Jul 15, 1919:
Iris Murdoch is born
Irish Murdoch, author of 26 intellectually rigorous novels, is born on this day in Dublin. Murdoch's family moved to London when she was still an infant. Her father, who worked in the civil service, encouraged her to read and discuss books, and she resolved at an early age to become a writer.
After earning her degree at Oxford, she worked for the British Treasury and the United Nations until the end of World War II, then returned to academia to become a philosophy professor.
She began teaching at Oxford in 1948, where she met her future husband, John Bayley. Several years younger than Murdoch, Bayley fell in love with her at first sight as she rode by his room on a bicycle one day. The pair married in 1956. Murdoch published her first book, a philosophical study of Sartre, in 1953, and her first novel, Under the Net, was published the following year. She wrote two dozen novels as well as numerous scholarly works and several plays. She won the Booker Prize for The Sea, the Sea (1978). Many of her works were turned into plays.Murdoch was named a Dame of the Order of the British Empire in 1987 and won many other awards during four decades of writing. In the mid-1990s, Murdoch was diagnosed with Alzheimer's and died in 1999; not long after, Bayley published Elegy for Iris, a critically acclaimed memoir of their marriage and her decline.
Disaster: Jul 15, 1888:
Volcano buries victims in fiery mud
The Bandai volcano erupts on the Japanese island of Honshu on this day in 1888, killing hundreds and burying many nearby villages in ash.
Honshu, the main island of the Japanese archipelago, is in an area of intense geological activity, where earthquakes and volcanic eruptions are relatively common. The Bandai volcano is a mountain in northern Honshu with a very steep slope. It had erupted four times in the 1,000 years prior to the 1888 eruption, but none of these had been particularly deadly.
At just after 7 a.m. on July 15, rumblings were heard from Bandai. Only 30 minutes after that, an explosion on the north side of the mountain caused powerful tremors. Fifteen minutes later, there was another explosion and, in the next two hours, dozens followed. The explosive eruptions sent debris thousands of feet into the air. The resulting cloud of ash and steam was estimated at 21,000 feet wide.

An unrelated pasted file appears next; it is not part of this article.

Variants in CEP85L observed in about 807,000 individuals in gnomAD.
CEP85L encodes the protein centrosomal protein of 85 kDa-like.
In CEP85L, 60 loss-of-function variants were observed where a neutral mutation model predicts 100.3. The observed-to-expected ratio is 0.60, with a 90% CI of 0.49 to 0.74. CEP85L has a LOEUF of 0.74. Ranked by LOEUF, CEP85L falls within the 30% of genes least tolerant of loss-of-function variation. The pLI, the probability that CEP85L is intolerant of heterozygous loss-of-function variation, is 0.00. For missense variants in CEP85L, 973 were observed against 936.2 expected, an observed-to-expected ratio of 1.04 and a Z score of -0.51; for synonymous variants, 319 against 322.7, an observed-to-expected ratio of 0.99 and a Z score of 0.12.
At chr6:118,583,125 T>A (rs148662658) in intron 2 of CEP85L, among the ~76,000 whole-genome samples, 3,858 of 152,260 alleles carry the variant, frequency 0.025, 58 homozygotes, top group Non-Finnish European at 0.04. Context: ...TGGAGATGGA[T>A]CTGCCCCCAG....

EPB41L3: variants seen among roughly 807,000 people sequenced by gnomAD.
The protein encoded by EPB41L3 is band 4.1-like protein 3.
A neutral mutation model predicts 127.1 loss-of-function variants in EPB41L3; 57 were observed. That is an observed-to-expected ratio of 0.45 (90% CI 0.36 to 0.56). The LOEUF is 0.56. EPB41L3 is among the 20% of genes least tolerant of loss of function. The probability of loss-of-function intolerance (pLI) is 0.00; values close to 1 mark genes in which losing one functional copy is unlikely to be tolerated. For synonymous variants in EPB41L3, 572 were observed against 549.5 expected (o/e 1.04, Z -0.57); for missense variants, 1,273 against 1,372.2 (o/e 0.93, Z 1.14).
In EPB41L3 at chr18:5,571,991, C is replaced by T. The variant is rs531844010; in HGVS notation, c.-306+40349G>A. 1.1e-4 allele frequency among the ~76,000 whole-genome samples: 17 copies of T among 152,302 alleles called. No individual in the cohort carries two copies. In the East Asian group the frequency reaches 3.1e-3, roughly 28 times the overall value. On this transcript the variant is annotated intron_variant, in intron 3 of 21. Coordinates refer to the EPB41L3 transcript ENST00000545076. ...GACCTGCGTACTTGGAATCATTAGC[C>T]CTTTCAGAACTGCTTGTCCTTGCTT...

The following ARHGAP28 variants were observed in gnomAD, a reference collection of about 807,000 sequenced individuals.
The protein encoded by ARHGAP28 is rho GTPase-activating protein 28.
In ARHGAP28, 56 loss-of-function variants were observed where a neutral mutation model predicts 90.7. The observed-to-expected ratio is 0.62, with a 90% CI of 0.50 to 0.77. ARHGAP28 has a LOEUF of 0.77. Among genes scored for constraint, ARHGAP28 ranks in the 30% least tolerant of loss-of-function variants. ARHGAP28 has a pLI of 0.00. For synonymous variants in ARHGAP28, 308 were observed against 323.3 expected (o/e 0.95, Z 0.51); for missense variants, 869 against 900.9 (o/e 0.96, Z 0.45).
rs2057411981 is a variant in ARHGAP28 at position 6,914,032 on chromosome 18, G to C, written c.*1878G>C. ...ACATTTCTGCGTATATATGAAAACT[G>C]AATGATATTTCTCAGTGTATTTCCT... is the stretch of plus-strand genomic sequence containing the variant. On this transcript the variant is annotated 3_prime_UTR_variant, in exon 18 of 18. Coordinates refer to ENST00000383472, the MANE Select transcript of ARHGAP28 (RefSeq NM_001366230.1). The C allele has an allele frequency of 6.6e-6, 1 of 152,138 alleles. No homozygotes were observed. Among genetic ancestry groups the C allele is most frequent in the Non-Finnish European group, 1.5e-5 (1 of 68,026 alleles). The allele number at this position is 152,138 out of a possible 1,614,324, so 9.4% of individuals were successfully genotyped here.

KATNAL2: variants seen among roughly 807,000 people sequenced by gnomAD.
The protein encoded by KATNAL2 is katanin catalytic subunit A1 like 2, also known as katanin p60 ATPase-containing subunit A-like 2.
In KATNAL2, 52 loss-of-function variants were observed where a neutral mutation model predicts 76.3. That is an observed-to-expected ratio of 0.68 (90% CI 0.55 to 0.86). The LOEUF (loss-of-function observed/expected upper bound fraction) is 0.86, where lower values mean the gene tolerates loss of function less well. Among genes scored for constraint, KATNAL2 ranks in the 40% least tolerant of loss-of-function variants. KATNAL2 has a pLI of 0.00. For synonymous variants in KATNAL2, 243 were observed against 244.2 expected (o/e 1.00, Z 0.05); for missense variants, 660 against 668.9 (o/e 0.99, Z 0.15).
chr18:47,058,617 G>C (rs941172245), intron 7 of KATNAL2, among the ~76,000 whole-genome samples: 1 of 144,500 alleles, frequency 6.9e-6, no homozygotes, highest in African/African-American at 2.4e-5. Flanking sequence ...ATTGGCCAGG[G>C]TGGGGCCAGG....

The giant cloud sent a dangerous rain of burning mud down over the area. Several villages in the Bandai area were buried by a combination of the fiery mud and landslides caused by the tremors. At the Kawakami spa, 100-foot-deep debris covered the ground. Although 100 bodies were recovered there, many were never found. The best estimate is that 461 people were killed and hundreds more were seriously injured, suffering broken bones and skulls from the rain or flying debris, as a result of the eruption. More than one hundred people were critically burned. The eruption left an 8,000-foot crater in the earth. In the aftermath, the ash from Bandai dimmed the sun slightly worldwide for months.
Crime: Jul 15, 1953:
A notorious English killer is executed
John Christie, one of England's most notorious killers, is executed. Four months earlier, on March 25, the police and a tenant at 10 Rillington Place in West London made an awful discovery: the bodies of four women in an empty apartment, three in a hidden cupboard and one more beneath the floorboards. Christie, who used to live at the house, was apprehended a week later and confessed to the murders.
Since one of the dead women had been identified as Christie's wife, Ethel, police knew where to begin their search for the killer. The three other victims were young women, all of whom had been sexually assaulted. Detectives soon found additional bodies buried in the yard behind the house. Strangely enough, two of the women had not been murdered by Christie, but had died as the result of botched, illegal abortions conducted by another man.
Christie had been plagued his whole life with impotence, which caused the rage that eventually sparked his murder spree. Stories of the grisly discoveries at the soon-to-be infamous house at 10 Rillington Place filled the London tabloids for weeks and fueled the call for Christie's quick execution. Sources: history.com